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Thailand May Gain Bt 200 Billion with US, EU Shrimp Tariff Cuts

by 5m Editor
2 November 2004, at 12:00am

THAILAND - If the US cuts its anti-dumping rate, and a reduced import tariff to the European market is restored soon, exporters of Thai shrimps could earn as much as Bt200 billion in revenue.

Thailand May Gain Bt 200 Billion with US, EU Shrimp Tariff Cuts - THAILAND - If the US cuts its anti-dumping rate, and a reduced import tariff to the European market is restored soon, exporters of Thai shrimps could earn as much as Bt200 billion in revenue.

Thai shrimp has been currently imposed an anti-dumping rate of 6.29 per cent on average to gain entry to the US market.

Exporters also have to pay an average import tariff of 14 per cent for frozen shrimp and 20 per cent for processed shrimp in order to access the EU market.

This has slashed the profits exporters enjoyed under the old system when they prospered under a low, single-digit tariff under the EU's Generalised System of Preference (GSP).

In a meeting with representatives from four southern shrimp farmers' associations last week, Commerce Minister Watana Muangsook said the government had received positive signals from key European Union members such as France, Denmark, Italy, Britain and Sweden that the anticipated changes would indeed take place.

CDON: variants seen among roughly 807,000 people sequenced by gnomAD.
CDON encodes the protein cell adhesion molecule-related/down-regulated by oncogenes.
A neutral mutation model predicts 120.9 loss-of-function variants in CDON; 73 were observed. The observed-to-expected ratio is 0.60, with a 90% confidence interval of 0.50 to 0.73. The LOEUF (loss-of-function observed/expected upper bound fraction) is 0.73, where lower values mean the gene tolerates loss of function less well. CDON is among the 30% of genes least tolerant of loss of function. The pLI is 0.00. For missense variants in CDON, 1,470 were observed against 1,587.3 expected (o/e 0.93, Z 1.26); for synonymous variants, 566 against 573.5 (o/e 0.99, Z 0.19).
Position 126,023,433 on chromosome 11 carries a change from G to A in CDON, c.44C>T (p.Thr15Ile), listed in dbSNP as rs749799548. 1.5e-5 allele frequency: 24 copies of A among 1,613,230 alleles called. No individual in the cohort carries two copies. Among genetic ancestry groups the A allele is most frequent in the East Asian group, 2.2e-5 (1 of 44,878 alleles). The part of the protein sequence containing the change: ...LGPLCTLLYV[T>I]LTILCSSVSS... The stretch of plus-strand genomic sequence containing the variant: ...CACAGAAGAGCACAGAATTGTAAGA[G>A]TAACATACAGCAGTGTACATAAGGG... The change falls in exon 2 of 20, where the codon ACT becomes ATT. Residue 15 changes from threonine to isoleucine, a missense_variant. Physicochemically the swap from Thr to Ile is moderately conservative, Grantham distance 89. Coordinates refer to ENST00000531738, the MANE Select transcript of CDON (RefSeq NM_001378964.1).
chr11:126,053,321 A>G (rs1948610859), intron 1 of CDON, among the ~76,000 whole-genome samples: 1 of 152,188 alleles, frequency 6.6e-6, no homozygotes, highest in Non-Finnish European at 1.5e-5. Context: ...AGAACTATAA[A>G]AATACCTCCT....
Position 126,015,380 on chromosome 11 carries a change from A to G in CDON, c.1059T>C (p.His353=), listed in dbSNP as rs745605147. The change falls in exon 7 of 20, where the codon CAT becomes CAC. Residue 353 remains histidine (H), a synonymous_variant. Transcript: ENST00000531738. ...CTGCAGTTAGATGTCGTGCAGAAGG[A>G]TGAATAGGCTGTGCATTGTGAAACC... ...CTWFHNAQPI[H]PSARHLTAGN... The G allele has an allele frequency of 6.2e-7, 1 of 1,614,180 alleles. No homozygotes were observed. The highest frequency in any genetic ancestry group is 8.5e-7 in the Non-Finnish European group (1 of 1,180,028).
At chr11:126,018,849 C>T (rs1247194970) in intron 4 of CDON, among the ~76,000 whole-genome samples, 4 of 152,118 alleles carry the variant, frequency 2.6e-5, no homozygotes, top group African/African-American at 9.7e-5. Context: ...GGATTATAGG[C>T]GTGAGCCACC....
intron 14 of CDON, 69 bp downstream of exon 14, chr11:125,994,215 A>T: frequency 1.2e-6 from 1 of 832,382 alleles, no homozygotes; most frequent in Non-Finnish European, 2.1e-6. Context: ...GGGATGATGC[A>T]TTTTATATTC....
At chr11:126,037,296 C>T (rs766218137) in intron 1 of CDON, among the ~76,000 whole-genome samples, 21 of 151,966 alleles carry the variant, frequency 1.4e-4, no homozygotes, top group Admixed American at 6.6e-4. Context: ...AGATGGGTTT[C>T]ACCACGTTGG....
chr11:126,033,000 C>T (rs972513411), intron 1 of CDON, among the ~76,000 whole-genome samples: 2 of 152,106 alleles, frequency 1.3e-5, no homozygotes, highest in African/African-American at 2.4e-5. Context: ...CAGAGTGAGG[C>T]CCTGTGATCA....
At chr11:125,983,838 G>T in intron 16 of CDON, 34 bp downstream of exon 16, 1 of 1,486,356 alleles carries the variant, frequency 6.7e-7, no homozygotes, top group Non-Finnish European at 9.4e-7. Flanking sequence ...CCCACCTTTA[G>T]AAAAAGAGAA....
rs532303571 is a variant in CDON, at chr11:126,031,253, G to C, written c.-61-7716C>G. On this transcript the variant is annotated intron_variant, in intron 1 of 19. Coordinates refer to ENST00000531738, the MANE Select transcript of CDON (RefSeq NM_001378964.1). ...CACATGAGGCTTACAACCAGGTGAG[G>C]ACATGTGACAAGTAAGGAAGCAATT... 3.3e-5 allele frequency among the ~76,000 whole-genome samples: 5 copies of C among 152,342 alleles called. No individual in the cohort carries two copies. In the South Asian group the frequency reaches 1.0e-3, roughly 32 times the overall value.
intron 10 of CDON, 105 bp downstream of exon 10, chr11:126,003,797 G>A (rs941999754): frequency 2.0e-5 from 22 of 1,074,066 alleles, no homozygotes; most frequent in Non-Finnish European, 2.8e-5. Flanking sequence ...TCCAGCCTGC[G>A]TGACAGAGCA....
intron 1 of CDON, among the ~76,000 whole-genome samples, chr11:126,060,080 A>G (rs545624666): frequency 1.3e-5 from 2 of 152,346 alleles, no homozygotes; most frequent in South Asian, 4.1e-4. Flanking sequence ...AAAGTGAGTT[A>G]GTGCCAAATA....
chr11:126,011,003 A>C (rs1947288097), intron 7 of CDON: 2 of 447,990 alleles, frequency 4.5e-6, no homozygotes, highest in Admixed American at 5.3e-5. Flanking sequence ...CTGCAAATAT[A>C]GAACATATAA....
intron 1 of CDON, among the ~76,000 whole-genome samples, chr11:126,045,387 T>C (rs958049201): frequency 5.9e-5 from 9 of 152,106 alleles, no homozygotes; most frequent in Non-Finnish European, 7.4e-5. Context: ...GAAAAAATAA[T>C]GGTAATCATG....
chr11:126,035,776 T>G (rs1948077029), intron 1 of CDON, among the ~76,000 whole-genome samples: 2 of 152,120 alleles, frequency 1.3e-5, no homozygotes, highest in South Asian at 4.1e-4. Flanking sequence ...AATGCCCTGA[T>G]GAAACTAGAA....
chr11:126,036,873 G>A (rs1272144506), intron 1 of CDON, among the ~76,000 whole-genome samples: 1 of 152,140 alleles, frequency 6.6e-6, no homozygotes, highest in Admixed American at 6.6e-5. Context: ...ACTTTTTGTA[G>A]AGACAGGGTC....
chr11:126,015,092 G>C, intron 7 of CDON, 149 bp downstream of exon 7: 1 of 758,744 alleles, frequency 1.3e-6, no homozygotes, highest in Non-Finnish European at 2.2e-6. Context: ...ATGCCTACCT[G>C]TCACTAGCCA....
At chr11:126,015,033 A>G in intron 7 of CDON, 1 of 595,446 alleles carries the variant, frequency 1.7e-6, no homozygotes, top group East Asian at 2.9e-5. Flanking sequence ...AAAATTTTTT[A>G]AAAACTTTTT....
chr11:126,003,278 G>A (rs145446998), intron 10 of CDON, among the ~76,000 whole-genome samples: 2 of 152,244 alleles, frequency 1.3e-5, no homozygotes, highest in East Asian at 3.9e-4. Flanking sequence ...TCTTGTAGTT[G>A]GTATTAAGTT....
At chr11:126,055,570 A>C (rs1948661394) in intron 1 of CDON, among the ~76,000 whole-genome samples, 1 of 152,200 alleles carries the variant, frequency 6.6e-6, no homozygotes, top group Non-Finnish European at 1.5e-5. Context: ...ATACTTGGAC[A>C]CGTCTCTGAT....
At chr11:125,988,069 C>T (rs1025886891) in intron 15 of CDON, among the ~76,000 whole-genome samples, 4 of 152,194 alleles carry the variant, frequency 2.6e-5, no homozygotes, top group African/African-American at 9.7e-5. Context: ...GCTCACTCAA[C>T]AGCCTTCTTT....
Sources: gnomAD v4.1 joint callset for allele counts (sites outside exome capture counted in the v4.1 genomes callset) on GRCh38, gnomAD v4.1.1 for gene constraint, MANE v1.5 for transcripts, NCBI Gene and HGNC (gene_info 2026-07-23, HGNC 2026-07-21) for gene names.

"The signals have convinced us that the EU will return the GSP to Thailand, which will in turn strengthen the competitiveness of the country's exports. The export value should reach Bt200 billion," Watana said.

"Prime Minister Thaksin [Shinawatra] has held talks with many EU leaders and has received positive feedback from them," he added.

The Kingdom must now wait for the US Commerce Department to announce its final anti-dumping rate, which currently stands at 6.29 per cent.

Pokkrong Kirdsook, president of the Krabi Shrimp Farmers Association, said positive moves by the US and the EU could help revive exports and undo the damage wrought by ebbing local prices over the last several years.

"The lower anti-dumping rate and the return of the GSP would...stabilise both export and local prices."

The country's shrimp production could potentially double from this year's 200,000 tons to 300,000 or 400,000 tons next year, he said. The export value is expected to jump to Bt200 billion, compared with Bt100 billion after the amendment made in 1995.

He said that greater demand for exports would mean healthier domestic prices for those traders who had been accepting losses for years. The current price of one kilogram of medium sized shrimp (approximately 50-60 shrimp) is Bt130, lower than the average production cost of Bt160 per kg.

The volume of Thai shrimp exported to the EU plummeted by 84.24 per cent after the removal of the GSP, from 32,866 tons in 1995 to 5,181 tons last year.

Of the total 704,603 tons of shrimp imported by the EU last year, 0.7 per cent came from Thailand.

Source: eFeedLink - 2nd November 2004

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